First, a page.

Many are aware of the big problem of identity theft relative to federal income tax filings. More and more individuals have been filing their federal income tax returns, only to find out from the IRS that someone already filed one using their information and they absconded with your refund. What many don’t know is that this is a growing problem at the state level as well.
Given that each state has its own unique tax filing rules and protocol, you’ll want to look to the taxing authority in your particular state to see how they recommend you proceed if you suspect that your identity has been stolen relative to your state income tax return. In my home state, besides being directed to take certain actions that are the similar to procedures to follow if your federal data had been stolen, taxpayers are directed to notify local law enforcement, notify the state department of revenue, and paper file your tax return. As this problem has been increasing, some states have joined a multi-state network that shares identity theft reports among participating states in an effort to reduce tax identity theft, but not all states are part of this network.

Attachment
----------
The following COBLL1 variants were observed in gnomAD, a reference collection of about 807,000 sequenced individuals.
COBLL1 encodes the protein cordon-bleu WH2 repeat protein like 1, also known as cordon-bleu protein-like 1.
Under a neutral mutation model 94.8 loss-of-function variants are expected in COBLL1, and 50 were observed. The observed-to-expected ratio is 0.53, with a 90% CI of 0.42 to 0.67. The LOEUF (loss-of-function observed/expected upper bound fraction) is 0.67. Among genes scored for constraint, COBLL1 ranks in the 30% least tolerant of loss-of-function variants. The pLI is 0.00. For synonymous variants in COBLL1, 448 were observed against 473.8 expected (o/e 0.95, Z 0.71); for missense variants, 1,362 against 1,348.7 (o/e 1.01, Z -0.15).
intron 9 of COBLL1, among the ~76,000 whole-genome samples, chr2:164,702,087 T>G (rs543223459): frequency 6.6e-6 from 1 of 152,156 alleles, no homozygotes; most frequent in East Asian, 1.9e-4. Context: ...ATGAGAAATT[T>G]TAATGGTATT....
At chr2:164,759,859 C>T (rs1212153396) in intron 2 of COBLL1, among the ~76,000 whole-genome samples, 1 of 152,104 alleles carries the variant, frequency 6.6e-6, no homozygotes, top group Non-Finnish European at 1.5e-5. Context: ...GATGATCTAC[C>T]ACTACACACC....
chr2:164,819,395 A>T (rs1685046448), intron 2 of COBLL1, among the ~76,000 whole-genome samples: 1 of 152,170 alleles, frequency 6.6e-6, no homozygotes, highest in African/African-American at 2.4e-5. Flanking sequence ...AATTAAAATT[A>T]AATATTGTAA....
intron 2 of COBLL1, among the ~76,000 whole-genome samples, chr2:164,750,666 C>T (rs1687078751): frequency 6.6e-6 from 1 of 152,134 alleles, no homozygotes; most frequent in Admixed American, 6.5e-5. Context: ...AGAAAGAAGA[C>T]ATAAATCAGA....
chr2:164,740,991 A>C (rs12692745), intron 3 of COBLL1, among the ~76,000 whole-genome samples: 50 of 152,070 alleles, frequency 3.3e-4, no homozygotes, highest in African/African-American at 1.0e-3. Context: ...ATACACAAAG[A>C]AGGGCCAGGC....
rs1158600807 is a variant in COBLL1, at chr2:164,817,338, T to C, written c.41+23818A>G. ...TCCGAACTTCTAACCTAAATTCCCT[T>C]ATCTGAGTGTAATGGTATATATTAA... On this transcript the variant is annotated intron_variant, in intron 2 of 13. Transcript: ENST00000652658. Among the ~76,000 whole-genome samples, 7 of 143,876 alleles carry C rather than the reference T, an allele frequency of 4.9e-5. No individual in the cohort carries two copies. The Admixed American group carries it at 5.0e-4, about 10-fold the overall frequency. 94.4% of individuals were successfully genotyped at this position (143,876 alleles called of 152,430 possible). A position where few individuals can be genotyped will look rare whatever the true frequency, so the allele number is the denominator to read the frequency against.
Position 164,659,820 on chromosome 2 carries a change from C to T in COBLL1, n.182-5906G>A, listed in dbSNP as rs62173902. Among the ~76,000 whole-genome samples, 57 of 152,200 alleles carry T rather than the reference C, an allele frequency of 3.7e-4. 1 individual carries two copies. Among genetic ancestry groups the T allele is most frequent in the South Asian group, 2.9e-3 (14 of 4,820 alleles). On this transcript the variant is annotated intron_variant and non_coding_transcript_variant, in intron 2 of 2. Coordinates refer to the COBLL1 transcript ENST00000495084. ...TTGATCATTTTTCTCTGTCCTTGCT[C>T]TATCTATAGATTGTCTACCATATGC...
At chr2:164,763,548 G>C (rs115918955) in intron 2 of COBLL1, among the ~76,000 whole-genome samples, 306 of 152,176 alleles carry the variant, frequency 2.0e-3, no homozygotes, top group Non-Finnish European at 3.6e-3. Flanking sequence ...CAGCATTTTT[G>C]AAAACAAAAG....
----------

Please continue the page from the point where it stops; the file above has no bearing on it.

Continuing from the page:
Curious about where identity theft is the worst? A 2014 Federal Trade Commission report listed Florida as number one for identity theft among the 50 states. Followed by Washington, District of Columbia (though not a state of course), Oregon, and Missouri rounding out the top five. The state with the fewest reports was South Dakota.
By Dale F. Jensen, CPA